• H01R24/40Two-part coupling devices, or either of their cooperating parts, characterised by their overall structure having concentrically or coaxially arranged contacts specially adapted for high frequency
    • H01R24/56Two-part coupling devices, or either of their cooperating parts, characterised by their overall structure having concentrically or coaxially arranged contacts specially adapted for high frequency specially adapted to a specific shape of cables, e.g. corrugated cables, twisted pair cables, cables with two screens or hollow cables
    • H01R24/564Corrugated cables
    • HELECTRICITY
    • H01BASIC ELECTRIC ELEMENTS
    • H01RELECTRICALLY-CONDUCTIVE CONNECTIONS; STRUCTURAL ASSOCIATIONS OF A PLURALITY OF MUTUALLY-INSULATED ELECTRICAL CONNECTING ELEMENTS; COUPLING DEVICES; CURRENT COLLECTORS
    • H01R2103/00Two poles
    • YGENERAL TAGGING OF NEW TECHNOLOGICAL DEVELOPMENTS; GENERAL TAGGING OF CROSS-SECTIONAL TECHNOLOGIES SPANNING OVER SEVERAL SECTIONS OF THE IPC; TECHNICAL SUBJECTS COVERED BY FORMER USPC CROSS-REFERENCE ART COLLECTIONS [XRACs] AND DIGESTS
    • Y10TECHNICAL SUBJECTS COVERED BY FORMER USPC
    • Y10TTECHNICAL SUBJECTS COVERED BY FORMER US CLASSIFICATION
    • Y10T29/00Metal working
    • Y10T29/49Method of mechanical manufacture
    • Y10T29/49002Electrical device making
    • Y10T29/49117Conductor or circuit manufacturing
    • Y10T29/49174Assembling terminal to elongated conductor
    • Y10T29/49181Assembling terminal to elongated conductor by deforming
    • YGENERAL TAGGING OF NEW TECHNOLOGICAL DEVELOPMENTS; GENERAL TAGGING OF CROSS-SECTIONAL TECHNOLOGIES SPANNING OVER SEVERAL SECTIONS OF THE IPC; TECHNICAL SUBJECTS COVERED BY FORMER USPC CROSS-REFERENCE ART COLLECTIONS [XRACs] AND DIGESTS
    • Y10TECHNICAL SUBJECTS COVERED BY FORMER USPC
    • Y10TTECHNICAL SUBJECTS COVERED BY FORMER US CLASSIFICATION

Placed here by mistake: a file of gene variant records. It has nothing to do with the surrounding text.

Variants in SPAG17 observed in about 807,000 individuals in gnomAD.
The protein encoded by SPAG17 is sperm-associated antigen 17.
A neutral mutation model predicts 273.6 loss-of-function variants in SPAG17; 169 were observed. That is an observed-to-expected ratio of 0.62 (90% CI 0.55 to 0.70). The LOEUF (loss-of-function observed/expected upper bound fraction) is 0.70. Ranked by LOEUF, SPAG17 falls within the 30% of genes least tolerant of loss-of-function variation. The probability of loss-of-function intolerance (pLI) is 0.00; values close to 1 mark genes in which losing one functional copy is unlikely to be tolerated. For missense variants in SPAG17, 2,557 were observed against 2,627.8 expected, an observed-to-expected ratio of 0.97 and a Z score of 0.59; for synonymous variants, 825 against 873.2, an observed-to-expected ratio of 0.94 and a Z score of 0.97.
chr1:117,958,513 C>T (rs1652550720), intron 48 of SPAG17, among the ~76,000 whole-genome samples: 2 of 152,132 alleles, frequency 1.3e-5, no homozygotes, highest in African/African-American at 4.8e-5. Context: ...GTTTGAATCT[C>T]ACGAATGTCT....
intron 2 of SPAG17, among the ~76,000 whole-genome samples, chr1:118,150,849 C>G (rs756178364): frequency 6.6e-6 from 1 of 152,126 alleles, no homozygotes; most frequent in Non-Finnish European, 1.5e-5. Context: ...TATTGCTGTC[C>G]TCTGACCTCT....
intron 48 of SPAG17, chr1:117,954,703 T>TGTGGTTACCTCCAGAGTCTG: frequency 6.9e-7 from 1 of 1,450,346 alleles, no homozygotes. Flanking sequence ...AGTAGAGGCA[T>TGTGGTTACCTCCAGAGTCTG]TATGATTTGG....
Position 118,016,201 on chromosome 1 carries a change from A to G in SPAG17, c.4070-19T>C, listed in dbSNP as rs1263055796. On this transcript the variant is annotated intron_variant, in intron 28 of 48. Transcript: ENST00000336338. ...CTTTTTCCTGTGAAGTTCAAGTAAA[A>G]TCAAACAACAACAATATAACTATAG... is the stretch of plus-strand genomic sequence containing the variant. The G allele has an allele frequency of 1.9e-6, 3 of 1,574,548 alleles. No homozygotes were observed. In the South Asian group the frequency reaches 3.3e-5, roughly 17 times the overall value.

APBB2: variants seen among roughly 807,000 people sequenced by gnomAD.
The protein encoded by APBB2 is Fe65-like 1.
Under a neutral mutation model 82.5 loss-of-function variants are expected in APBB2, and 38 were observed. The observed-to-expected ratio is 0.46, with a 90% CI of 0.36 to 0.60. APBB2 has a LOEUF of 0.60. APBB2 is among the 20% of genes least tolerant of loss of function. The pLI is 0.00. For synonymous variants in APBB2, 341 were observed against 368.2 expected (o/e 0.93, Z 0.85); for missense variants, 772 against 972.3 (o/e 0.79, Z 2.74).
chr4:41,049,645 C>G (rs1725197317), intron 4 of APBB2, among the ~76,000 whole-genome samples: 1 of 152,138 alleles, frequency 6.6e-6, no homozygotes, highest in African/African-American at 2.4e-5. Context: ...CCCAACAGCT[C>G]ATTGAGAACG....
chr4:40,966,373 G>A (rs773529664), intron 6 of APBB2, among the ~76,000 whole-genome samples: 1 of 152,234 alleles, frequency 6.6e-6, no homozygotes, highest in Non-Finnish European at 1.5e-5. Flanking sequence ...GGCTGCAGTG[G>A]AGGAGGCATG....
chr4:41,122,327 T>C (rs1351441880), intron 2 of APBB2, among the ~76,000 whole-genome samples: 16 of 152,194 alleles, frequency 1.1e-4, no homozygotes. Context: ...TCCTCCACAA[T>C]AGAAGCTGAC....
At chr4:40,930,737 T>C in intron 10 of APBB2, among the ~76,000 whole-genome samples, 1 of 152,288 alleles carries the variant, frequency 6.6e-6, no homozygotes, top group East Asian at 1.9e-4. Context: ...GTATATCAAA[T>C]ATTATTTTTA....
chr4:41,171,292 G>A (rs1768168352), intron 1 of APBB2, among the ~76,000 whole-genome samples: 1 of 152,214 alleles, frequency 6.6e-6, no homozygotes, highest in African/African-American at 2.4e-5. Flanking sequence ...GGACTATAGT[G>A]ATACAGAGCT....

• Y10T29/00Metal working
    • Y10T29/49Method of mechanical manufacture
    • Y10T29/49002Electrical device making
    • Y10T29/49117Conductor or circuit manufacturing
    • Y10T29/49174Assembling terminal to elongated conductor
    • Y10T29/49181Assembling terminal to elongated conductor by deforming
    • Y10T29/49185Assembling terminal to elongated conductor by deforming of terminal

Abstract

A coaxial cable connector includes a pin having a plurality of circumferentially spaced support arms, inward facing surfaces of the support arms defining a cavity. A shoulder is provided on the inward facing surfaces. A guide is axially received in the internal cavity, the guide having tabs at one and a radial flange at the other. An elastomeric cylindrical collar is disposed on the guide between the tabs and the flange. In a first position, the collar is axially uncompressed or axially partially compressed between the flange of the guide and the shoulders of the support arms. In a second position, the flange is positioned closer to the shoulders such that the collar is axially compressed between the flange and the shoulders to a shorter axial distance than in the first position and such that the collar is expanded radially outwardly to a greater amount than in the first position.